The room-booking company says it's making changes to ward off repeated discrimination complaints.
Following months of complaints that Airbnb has a discrimination problem, the online home-sharing service is responding to the matter.
San Francisco-based Airbnb has released a 32-page report (PDF) focusing on a new nondiscrimination policy, the company announced by way of a blog post Thursday. The new policy includes asking users to agree to a "community commitment" that could go into effect starting next month. The commitment asks hosts to not turn away customers based on their race, religion, nationality, disability, gender or age.
Other changes include providing assistance to those who feel they've been discriminated against, setting public diversity goals and antibias training for all staffers, and working with historically black colleges and universities to strengthen their recruitment pipeline.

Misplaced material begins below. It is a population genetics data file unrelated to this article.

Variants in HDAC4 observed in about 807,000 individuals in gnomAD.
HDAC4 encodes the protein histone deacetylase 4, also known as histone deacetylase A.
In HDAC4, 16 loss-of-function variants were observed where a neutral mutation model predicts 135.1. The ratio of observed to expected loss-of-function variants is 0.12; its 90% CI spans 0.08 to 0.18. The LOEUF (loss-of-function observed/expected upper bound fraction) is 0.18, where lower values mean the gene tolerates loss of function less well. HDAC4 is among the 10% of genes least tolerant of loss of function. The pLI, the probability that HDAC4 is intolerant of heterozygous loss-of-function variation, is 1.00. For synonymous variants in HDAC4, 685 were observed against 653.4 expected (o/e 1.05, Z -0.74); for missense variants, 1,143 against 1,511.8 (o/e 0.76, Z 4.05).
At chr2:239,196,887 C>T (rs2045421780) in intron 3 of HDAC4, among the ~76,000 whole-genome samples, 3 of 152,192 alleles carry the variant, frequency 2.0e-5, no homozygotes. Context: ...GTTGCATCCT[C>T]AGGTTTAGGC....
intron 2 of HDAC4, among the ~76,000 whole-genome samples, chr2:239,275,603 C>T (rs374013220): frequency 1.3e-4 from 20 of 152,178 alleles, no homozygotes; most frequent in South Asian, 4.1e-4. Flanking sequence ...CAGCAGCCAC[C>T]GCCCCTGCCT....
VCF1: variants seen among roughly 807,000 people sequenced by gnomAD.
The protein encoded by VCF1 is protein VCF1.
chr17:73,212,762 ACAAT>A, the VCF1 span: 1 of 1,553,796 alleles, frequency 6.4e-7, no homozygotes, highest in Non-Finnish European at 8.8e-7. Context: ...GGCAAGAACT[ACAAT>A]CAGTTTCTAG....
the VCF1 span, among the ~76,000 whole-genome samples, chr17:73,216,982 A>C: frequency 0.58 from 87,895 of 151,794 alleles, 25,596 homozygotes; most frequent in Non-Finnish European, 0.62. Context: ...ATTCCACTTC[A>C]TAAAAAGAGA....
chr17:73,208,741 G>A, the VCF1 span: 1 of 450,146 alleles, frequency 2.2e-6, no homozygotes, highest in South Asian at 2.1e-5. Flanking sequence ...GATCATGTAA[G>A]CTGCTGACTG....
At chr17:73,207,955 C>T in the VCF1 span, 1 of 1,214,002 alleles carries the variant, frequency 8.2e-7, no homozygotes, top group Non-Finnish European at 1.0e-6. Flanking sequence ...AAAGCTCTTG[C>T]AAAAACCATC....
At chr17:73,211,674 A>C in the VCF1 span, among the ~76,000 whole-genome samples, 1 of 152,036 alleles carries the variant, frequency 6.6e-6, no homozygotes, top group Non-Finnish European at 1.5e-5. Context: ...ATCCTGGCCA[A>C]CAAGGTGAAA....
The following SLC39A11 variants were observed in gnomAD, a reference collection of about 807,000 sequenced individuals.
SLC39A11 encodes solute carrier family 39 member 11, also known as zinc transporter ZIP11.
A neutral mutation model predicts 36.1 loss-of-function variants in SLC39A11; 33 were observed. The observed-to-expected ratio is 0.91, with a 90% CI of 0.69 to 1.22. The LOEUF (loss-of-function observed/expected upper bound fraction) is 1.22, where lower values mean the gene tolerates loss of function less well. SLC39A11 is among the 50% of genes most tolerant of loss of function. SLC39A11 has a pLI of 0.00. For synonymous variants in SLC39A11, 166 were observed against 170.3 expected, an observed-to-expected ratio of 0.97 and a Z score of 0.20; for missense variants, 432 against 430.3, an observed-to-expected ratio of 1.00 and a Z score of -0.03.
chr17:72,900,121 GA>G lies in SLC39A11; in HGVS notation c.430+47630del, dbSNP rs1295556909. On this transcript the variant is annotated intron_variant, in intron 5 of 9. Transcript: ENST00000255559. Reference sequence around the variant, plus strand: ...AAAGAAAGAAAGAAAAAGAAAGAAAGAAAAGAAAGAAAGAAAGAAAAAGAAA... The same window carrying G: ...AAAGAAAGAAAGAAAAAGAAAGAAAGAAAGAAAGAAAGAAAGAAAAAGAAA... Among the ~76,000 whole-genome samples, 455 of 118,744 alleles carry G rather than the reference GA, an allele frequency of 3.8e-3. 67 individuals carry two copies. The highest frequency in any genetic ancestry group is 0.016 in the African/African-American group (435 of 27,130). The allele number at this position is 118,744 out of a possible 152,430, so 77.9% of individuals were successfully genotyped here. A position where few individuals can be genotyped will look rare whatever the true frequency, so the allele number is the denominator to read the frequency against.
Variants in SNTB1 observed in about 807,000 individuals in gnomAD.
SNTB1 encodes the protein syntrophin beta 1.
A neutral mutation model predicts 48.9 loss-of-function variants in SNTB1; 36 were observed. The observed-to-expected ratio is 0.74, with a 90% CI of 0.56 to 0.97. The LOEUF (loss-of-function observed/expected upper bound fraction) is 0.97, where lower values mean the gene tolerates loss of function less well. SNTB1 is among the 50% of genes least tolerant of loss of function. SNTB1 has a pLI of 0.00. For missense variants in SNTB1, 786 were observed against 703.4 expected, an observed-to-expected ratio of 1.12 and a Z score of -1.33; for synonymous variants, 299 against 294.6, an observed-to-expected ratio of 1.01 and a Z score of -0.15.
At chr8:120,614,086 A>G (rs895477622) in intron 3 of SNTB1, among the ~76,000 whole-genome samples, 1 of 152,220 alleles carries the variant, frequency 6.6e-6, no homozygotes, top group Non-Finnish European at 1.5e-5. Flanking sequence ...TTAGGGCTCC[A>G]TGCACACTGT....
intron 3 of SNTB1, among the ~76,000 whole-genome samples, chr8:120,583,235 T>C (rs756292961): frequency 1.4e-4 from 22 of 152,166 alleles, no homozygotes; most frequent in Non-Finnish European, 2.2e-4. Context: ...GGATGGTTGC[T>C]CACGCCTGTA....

The move comes after a number of black Airbnb users said their booking reservations were denied, and after a Harvard Business School study (PDF) found that having a "distinctively African-American name" led to being 16 percent less likely to be accepted at Airbnb. Complaints also led to the situation being publicized on Twitter, via the hashtag #AirbnbWhileBlack.
Airbnb CEO Brian Chesky apologized Thursday and said the company has "been slow to address these problems." He said that since June, Airbnb has been seeking advice from former US Attorney General Eric Holder and from Laura Murphy, a former legal head at the ACLU.